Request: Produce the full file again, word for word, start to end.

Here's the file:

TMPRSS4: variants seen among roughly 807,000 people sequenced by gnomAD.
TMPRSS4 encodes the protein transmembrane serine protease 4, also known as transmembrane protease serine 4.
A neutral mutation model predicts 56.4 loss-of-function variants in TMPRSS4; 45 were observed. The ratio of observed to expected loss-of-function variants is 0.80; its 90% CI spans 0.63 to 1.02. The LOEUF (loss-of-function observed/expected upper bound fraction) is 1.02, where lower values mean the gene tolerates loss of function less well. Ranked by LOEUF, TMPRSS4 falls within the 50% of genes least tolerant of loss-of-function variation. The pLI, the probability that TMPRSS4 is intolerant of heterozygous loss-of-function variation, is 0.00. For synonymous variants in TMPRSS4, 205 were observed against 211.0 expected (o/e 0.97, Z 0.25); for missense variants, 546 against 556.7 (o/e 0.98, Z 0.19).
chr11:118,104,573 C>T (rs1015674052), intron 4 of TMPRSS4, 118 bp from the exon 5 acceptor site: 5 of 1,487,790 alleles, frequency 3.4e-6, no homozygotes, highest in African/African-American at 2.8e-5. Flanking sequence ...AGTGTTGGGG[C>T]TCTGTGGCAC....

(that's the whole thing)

TMPRSS4: variants seen among roughly 807,000 people sequenced by gnomAD.
TMPRSS4 encodes the protein transmembrane serine protease 4, also known as transmembrane protease serine 4.
A neutral mutation model predicts 56.4 loss-of-function variants in TMPRSS4; 45 were observed. The ratio of observed to expected loss-of-function variants is 0.80; its 90% CI spans 0.63 to 1.02. The LOEUF (loss-of-function observed/expected upper bound fraction) is 1.02, where lower values mean the gene tolerates loss of function less well. Ranked by LOEUF, TMPRSS4 falls within the 50% of genes least tolerant of loss-of-function variation. The pLI, the probability that TMPRSS4 is intolerant of heterozygous loss-of-function variation, is 0.00. For synonymous variants in TMPRSS4, 205 were observed against 211.0 expected (o/e 0.97, Z 0.25); for missense variants, 546 against 556.7 (o/e 0.98, Z 0.19).
chr11:118,104,573 C>T (rs1015674052), intron 4 of TMPRSS4, 118 bp from the exon 5 acceptor site: 5 of 1,487,790 alleles, frequency 3.4e-6, no homozygotes, highest in African/African-American at 2.8e-5. Flanking sequence ...AGTGTTGGGG[C>T]TCTGTGGCAC....